The interest on the national debt, which increased 9.3 percent from fiscal 1985 to 1986, is one of the fastest growing parts of the federal budget and the only item that cannot be frozen or cut.

According to the government's new budget estimates, net interest has increased from about 7 percent of the federal budget 30 years ago to an estimated 14.6 percent next year.

It is growing faster than Social Security and Medicare, which would increase 4.7 percent in 1986 under the budget President Reagan will present to Congress today, but not quite as fast as the Defense Department, whose budget outlays would grow 12.5 percent this year. Interest has increased from $5.1 billion in 1956 to an estimated $142.5 billion in 1986.

Despite administration efforts to reduce the deficit by $51 billion next year, net interest would add $15 billion to the budget, nearly one-third of the proposed reduction in spending.

Net interest is the federal government's cost of borrowing to pay the federal deficit, plus its income from lending money.

The rapidly rising debt is almost impossible to cut; it is the most uncontrollable of the "uncontrollable" parts of the budget, such as unemployment compensation, Social Security and pension benefits.

Figures to be released this week by the Congressional Budget Office will show larger budget deficits through the end of the decade than those estimated by the administration, partly because the CBO projects larger interest payments.

Interest on the public debt, by far the largest component of interest, is determined by interest rates and the size of the debt. Despite the government's projected decline in interest rates, interest on the public debt would grow by $26.5 billion in fiscal 1985 and $18.5 billion in 1986 because the debt itself keeps growing, according to the budget.

Thirty years ago, debt held by the public was $222 billion. It is expected to be $1.7 trillion in 1986 and jump to $2.2 trillion by 1990.

"The interest on the debt held by the public has risen much faster than the debt itself, due to a strong upward trend since World War II in the interest rates that must be paid on new borrowing and on" refinancing maturing debt, the budget said.

For example, the interest rate on three-month Treasury bills averaged 2 percent in the 1950s, 4 percent in the 1960s and 6.3 percent in the 1970s. From 1980 to 1982, interest rates soared, causing the government to pay 12.1 interest on its short-term securities. The rate dropped to 8.6 percent in 1983 and 9.6 percent in 1984.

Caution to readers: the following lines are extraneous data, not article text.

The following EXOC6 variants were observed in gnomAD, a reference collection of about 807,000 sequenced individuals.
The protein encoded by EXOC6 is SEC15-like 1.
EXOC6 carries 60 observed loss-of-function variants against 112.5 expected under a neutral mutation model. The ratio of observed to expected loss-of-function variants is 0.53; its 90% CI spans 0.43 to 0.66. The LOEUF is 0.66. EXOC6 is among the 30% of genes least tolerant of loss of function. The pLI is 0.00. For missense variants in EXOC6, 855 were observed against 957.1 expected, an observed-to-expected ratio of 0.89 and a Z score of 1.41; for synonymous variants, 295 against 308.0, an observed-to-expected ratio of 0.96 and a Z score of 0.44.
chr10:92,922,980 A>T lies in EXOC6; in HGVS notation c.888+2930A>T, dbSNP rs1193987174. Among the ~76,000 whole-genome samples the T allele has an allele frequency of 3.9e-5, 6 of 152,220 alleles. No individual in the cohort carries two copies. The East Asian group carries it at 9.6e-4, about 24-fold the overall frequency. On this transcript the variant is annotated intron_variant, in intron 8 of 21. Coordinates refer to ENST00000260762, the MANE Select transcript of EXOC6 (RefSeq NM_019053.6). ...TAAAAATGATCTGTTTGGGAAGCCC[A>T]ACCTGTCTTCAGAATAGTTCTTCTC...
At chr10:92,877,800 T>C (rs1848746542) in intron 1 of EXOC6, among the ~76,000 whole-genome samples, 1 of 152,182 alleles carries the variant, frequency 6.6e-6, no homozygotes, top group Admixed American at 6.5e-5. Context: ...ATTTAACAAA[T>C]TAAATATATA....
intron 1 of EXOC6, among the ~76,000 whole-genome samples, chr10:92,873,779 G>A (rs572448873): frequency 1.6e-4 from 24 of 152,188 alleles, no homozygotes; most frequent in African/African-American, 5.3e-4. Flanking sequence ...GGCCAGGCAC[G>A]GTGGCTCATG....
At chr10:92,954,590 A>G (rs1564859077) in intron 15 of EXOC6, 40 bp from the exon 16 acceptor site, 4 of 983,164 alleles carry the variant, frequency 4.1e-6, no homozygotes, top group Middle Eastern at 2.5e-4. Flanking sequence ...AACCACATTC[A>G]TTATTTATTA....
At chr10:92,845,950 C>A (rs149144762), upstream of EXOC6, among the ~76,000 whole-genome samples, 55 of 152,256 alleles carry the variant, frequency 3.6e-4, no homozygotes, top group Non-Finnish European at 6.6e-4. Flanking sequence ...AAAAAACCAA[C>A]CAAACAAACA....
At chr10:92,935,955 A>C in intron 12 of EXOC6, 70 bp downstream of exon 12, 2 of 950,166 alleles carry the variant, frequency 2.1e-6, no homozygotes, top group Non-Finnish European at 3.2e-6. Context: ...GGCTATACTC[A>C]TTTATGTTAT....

" . . . Whereas the federal debt held by the public increased by six times between 1954 and 1984 . . . interest paid on this debt increased by 21 times," the budget said.

The administration has attempted to reduce future interest costs by selling special-targeted securities overseas in an effort to get lower interest rates.

The CBO figures show interest rising by increasingly greater amounts than the administration's forecast, in large part because of a difference in interest-rate assumptions. Under the CBO current services baseline -- the budget without changes in policy -- interest would be $130 billion in fiscal 1985, $146 billion in 1986 and $231 billion in 1990. Under the administration's current services baseline, interest would be $130.5 billion in 1985, $145.8 billion in 1986 and $164.2 billion by 1990.

The administration forecast interest paid on three-month Treasury bills to average 7.9 percent in 1986 and 5 percent by 1990. Current CBO assumptions of interest rates were not available. However, in its budget update in August, the CBO projected interest on three-month T-bills would average 8.9 percent for 1987 through 1989.

According to the 1986 budget, a sustained 1 percentage-point increase in interest rates beginning last month would raise net interest costs by $8.2 billion in 1986, growing to $17.8 billion in 1990. If federal borrowing increased $100 billion beginning in 1986, interest costs would rise an additional $5.8 billion in 1986, growing to $8.8 billion in 1990, according to the administration's budget figures. 1986, growing to $17.8 billion in 1990. If federal borrowing increased $100 billion beginning in 1986, interest costs would rise an additional $5.8 billion in 1986, growing to $8.8 billion in 1990, according to the administration's budget figures.